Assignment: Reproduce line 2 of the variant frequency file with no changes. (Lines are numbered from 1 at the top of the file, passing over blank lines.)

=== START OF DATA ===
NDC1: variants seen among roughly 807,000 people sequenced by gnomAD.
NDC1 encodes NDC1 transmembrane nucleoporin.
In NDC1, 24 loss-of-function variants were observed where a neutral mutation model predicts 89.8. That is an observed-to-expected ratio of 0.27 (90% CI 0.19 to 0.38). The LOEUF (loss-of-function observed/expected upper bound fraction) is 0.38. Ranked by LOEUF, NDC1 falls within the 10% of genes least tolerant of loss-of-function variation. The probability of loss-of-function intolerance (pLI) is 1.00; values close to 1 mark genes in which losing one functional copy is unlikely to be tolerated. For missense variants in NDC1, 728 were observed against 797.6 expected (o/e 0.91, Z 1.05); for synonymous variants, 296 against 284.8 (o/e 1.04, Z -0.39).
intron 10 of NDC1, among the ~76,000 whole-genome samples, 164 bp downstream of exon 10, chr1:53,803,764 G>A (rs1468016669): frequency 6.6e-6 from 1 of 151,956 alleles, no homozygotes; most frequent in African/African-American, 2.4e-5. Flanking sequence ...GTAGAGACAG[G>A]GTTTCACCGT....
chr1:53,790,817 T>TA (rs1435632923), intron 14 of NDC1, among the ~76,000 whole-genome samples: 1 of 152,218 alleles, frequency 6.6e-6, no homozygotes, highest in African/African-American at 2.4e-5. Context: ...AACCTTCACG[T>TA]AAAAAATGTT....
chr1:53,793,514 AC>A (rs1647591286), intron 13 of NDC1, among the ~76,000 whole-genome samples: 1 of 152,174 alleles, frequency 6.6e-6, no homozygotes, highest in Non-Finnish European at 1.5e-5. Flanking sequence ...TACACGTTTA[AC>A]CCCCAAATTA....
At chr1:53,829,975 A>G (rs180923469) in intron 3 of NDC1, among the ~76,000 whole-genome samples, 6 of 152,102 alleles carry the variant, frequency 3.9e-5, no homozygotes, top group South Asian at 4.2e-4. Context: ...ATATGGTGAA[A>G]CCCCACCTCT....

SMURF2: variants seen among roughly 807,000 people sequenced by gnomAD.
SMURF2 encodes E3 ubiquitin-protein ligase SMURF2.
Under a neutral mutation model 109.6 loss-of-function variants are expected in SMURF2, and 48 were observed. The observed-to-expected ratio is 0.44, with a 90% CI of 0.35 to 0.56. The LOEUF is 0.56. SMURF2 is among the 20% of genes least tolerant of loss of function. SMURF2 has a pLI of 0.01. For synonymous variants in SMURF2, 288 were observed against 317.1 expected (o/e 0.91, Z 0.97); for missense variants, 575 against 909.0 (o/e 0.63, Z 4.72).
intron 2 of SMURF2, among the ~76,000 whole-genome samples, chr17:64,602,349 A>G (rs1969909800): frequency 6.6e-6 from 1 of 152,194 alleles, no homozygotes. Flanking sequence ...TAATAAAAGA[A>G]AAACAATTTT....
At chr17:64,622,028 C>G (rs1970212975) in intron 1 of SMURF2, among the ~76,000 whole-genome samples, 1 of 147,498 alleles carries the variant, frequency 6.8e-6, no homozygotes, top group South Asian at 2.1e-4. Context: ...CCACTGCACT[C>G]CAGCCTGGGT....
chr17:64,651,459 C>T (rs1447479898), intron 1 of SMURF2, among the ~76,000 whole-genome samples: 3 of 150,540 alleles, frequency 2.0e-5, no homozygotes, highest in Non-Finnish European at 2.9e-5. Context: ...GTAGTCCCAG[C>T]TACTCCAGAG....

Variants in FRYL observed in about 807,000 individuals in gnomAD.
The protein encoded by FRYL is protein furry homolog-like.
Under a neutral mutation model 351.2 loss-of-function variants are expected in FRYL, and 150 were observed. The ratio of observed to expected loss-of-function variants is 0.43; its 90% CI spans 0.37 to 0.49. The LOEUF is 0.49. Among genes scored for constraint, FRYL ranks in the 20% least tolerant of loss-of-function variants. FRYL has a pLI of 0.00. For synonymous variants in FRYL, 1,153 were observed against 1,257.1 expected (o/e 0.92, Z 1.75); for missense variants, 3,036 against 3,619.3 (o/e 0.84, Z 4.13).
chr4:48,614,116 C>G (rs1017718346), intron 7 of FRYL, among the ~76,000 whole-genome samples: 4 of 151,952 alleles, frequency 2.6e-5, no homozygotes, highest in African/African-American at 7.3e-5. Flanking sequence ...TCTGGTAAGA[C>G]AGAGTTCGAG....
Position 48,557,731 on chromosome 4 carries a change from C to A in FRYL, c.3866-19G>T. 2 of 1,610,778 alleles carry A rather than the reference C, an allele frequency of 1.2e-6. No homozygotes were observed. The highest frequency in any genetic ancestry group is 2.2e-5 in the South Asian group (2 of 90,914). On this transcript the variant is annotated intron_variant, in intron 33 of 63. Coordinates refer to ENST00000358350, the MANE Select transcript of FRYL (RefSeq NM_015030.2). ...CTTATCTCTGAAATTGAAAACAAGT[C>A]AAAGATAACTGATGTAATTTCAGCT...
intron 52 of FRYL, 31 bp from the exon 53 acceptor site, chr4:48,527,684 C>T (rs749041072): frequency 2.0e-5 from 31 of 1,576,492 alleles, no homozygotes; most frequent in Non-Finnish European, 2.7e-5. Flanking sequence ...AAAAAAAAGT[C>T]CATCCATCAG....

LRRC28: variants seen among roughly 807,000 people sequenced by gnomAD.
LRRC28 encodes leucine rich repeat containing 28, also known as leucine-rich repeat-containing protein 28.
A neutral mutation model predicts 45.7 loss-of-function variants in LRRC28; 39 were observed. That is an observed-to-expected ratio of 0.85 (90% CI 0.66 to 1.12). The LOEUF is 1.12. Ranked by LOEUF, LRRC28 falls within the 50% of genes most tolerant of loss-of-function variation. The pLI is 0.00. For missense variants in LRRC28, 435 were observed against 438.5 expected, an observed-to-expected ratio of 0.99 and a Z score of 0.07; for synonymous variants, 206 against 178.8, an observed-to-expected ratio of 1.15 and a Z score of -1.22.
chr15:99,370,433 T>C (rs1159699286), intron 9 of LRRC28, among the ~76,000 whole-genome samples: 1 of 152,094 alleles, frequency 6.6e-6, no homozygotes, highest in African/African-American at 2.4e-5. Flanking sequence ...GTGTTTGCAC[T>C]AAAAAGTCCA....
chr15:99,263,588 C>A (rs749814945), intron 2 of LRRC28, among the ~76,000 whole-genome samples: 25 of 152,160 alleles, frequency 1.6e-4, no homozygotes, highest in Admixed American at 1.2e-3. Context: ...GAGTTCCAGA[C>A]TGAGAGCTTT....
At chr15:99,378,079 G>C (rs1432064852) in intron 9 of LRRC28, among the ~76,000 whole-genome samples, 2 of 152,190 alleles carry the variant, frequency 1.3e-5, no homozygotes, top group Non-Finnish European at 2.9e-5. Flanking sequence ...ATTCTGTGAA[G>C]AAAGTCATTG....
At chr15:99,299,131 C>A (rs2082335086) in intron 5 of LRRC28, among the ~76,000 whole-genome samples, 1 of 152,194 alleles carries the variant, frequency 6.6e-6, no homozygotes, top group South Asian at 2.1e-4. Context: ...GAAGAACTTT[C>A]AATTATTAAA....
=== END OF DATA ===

NDC1 encodes NDC1 transmembrane nucleoporin.